The kids love their Coco! First ratings are out for Monday’s TBS debut of Conan, and while we’re sticking by our campaign promise to not care too much about early numbers, we’re obliged to report: They’re pretty huge. The premiere drew 4.16 million viewers, a big improvement over the roughly 1 million or fewer Lopez Tonight has been drawing in the 11 p.m. time slot for TBS. (It’s also more than double the 1.7 million who tuned in for Lopez’s first show last November.) But the most impressive thing about Conan’s first night is how young his average viewer was.
Per Nielsen (and TBS), the median age of a Conan viewer was just 30, far younger than Dave or Jay, whose average viewer is in his or her mid-50s. That’s important, since advertisers pay a pretty penny (and yes, we just wrote “pretty penny” in 2010) for the privilege of reaching younger, free-spending viewers. And almost all of Coco’s viewership Monday was under the age of 50: Of the 4.16 million who watched, 3.3 million were between the ages of 18 and 49.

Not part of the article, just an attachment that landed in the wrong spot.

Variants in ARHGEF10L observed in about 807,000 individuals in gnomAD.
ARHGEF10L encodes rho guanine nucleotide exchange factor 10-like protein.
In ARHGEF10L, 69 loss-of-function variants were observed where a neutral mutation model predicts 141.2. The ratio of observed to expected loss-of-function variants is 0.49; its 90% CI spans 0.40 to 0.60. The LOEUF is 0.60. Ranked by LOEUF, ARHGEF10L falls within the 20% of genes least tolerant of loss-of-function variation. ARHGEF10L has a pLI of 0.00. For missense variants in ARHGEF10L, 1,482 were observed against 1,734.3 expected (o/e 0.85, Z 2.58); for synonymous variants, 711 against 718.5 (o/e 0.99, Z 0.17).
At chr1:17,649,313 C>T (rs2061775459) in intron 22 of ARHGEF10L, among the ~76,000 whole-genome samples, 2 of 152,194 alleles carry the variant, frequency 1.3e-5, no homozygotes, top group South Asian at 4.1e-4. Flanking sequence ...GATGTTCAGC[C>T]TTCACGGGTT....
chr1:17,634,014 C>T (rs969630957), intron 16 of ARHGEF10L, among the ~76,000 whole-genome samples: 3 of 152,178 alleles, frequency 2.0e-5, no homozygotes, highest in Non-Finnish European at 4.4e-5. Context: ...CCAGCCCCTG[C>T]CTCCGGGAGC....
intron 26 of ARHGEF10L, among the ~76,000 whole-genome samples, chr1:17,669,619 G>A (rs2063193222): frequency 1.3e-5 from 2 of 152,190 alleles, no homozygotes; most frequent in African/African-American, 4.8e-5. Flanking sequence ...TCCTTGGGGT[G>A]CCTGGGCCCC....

As for the question that late-night-ratings junkies really want answered — how did Conan do vs. Jay and Dave? — the answer is a bit complicated. Conan airs from 11–12, which means it can take advantage of much higher audience levels in the 11–11:30 half-hour (just like The Daily Show, which spun an October victory that really wasn’t), while the network shows run until 12:30 a.m., when audience levels shrink. Still, Conan had a pretty huge lead Monday, outdrawing both Dave and Jay in overall viewers and, particularly, adults 18–49. Indeed, among the latter group, Coco tripled the tune-in of most his rivals, including The Daily Show and The Colbert Report. The Daily Show seemed to take a particular hit: Its overall audience Monday was 1.3 million viewers, down sharply from its season average of 1.8 million (and below the 1.35 million viewers who watched Lopez Tonight in the midnight hour.) Bottom line: an auspicious start for Conan — but still, just a start. Stay tuned!